Fanatics is entering a new 10-year partnership with the University of Miami that will make it the school’s primary licensing partner for apparel and other products.

(Bloomberg)—The world’s largest seller of licensed sports gear is expanding deeper into college sports.

Fanatics Inc. is entering a new 10-year partnership with the University of Miami that will make it the school’s primary licensing partner for apparel, hats and hard goods like phone cases and umbrellas. Fanatics will make some products itself, sublicense some, and work with Adidas AG, the Miami Hurricanes’ on-field jersey provider, for others.

Fanatics also is funding a data-analytics position within the Hurricanes’ athletic department. That person will help the Hurricanes sort through data from Fanatics, and analyze information from ticket sales and donations.

It’s the third deal of its kind for Fanatics—joining partnerships with Oregon and Florida that also start next year but lack the data component. Together, they represent a new frontier for the closely held company, which became the giant in licensed sports merchandise first by operating the online stores for teams and leagues, and more recently by branching into licensing rights and apparel of its own.

“The value we bring is really threefold,” Fanatics executive vice president Derek Eiler said. “One, we’re driving licensing royalties. Two, they’re getting a commission on all the sales that occur through us. And third, we’re unlocking who these fans are. A lot of folks that buy from Fanatics are not alumni, they’re not season-ticket holders. All of a sudden we’re delivering to Miami all these customer names that they didn’t know existed before.”

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Data analyst

With all that fan data pouring in, Miami needed help. That’s why it asked for a data analyst, on Fanatics’ dime.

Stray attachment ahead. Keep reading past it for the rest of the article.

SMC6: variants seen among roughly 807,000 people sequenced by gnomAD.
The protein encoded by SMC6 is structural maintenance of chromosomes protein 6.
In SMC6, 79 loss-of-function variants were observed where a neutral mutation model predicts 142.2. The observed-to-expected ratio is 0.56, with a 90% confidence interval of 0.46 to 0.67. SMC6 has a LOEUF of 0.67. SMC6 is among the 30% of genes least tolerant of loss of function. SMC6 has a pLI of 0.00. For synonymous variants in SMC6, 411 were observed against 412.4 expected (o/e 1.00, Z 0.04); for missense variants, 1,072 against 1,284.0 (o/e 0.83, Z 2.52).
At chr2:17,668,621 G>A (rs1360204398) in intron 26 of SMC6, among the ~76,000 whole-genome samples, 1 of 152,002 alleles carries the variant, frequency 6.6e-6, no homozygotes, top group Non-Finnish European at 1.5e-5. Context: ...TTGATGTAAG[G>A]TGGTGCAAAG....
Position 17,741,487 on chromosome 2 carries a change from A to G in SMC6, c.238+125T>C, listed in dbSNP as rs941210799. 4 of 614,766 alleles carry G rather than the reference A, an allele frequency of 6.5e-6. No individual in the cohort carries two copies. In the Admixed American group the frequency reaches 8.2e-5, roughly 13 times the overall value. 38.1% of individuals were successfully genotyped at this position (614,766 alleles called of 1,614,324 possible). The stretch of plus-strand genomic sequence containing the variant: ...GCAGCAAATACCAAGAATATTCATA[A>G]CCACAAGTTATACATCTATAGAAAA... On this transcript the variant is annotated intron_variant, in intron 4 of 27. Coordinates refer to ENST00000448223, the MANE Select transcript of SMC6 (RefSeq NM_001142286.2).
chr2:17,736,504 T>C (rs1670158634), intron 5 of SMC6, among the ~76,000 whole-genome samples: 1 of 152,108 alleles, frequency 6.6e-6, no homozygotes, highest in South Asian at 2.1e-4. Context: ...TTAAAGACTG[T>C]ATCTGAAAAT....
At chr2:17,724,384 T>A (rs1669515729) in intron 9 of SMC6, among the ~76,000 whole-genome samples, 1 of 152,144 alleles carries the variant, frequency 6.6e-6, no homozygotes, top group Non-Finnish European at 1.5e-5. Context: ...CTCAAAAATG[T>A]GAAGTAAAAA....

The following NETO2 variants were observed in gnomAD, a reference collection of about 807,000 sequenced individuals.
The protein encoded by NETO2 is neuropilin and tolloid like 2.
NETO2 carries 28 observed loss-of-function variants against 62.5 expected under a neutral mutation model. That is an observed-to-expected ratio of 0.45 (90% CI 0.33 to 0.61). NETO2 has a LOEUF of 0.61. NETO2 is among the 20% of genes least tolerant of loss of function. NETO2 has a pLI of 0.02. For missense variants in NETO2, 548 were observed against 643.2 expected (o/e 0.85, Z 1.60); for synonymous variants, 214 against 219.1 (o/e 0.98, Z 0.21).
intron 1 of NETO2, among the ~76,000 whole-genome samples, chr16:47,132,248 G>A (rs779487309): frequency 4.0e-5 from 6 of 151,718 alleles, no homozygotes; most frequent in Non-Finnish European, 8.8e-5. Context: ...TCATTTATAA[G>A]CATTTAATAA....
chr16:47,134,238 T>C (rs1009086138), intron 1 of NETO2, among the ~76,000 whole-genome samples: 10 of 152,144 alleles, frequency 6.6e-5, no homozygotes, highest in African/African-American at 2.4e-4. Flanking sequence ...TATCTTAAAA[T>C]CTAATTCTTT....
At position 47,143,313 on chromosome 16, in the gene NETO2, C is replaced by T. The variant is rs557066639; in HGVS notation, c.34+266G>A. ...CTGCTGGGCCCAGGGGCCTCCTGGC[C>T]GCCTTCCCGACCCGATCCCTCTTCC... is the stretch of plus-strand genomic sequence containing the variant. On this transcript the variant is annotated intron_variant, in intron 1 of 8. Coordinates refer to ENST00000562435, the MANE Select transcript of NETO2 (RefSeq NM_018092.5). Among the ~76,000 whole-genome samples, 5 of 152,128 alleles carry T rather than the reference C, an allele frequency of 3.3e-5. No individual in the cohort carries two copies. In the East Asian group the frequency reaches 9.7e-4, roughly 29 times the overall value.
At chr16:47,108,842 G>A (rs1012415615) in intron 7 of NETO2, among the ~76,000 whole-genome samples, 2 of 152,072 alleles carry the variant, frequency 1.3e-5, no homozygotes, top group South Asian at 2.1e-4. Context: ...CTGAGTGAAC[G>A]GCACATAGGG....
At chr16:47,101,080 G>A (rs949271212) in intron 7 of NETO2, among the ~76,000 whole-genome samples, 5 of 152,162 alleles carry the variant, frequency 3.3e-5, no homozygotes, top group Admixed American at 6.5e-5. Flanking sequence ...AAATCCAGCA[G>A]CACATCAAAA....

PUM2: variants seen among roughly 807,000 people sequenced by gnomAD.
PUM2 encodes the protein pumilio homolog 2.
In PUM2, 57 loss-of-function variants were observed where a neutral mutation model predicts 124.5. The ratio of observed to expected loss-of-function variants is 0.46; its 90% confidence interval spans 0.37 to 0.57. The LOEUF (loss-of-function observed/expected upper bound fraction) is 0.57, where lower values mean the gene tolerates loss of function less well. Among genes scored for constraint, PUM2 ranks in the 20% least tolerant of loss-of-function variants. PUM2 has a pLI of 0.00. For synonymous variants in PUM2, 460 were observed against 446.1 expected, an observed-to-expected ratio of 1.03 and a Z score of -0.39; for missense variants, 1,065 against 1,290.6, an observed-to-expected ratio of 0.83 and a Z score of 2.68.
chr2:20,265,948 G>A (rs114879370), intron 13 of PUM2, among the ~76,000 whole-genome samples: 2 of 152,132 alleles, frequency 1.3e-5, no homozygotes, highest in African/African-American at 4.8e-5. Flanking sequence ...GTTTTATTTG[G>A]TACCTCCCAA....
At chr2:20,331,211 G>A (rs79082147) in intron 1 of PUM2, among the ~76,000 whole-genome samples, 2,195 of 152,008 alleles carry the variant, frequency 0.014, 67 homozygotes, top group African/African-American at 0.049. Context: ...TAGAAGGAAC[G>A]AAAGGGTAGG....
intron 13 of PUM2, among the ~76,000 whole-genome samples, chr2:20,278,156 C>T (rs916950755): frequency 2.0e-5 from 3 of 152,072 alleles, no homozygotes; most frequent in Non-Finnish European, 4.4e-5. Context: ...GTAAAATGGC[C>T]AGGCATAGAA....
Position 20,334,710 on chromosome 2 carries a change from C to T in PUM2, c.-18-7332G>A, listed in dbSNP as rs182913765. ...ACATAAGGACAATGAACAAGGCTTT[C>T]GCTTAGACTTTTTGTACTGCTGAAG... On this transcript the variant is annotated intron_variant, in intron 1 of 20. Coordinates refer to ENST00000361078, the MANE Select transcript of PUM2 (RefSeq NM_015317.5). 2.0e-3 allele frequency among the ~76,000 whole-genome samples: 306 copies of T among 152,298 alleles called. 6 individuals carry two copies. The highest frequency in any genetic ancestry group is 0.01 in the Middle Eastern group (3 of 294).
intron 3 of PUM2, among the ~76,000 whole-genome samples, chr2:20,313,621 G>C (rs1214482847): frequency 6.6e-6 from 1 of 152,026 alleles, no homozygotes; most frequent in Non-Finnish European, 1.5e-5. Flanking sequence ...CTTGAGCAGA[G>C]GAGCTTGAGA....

“They came to us and said, ‘Look, as a part of this comprehensive discussion, here’s a completely out-of-left-field idea,’ which no other school had ever asked us about before,” Eiler said. “It’s a brilliant idea from our standpoint, because any school that understands how to use our data only values it even more.”

For Miami, the agreement provides financial stability for merchandise sales, which tend to fluctuate depending on how well a school’s teams perform on the field. Though terms weren’t released, the deal includes a signing bonus, plus a guaranteed share of royalties over the course of the partnership. (Fanatics’ pact with Oregon, for example, was $1.5 million upfront and a further $21.5 million guaranteed over 10 years).

The Hurricanes have a wide following nationwide. Fanatics experienced that firsthand two years ago, after the school debuted its “Turnover Chain,” a custom oversize gold necklace that the Hurricanes football team hands out on the sideline to defensive players who force turnovers. The chain became a national craze (many other schools have since copied it) and quickly became a staple in products licensed by the school.

Back then, Fanatics was just Miami’s e-commerce partner, with limited licensing rights. Eiler said the Hurricanes’ chain merchandise was Fanatics’s top-selling college line of the year.

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Miami has one of the biggest athletic departments in the country and one of its best-known football teams, having won its most recent national title in 2001. The Hurricanes have an annual budget of roughly $95 million, according to data submitted to the U.S. Department of Education.

Fanatics is owned by Kynetic LLC, No. 14 in the Internet Retailer 2019 Top 500.

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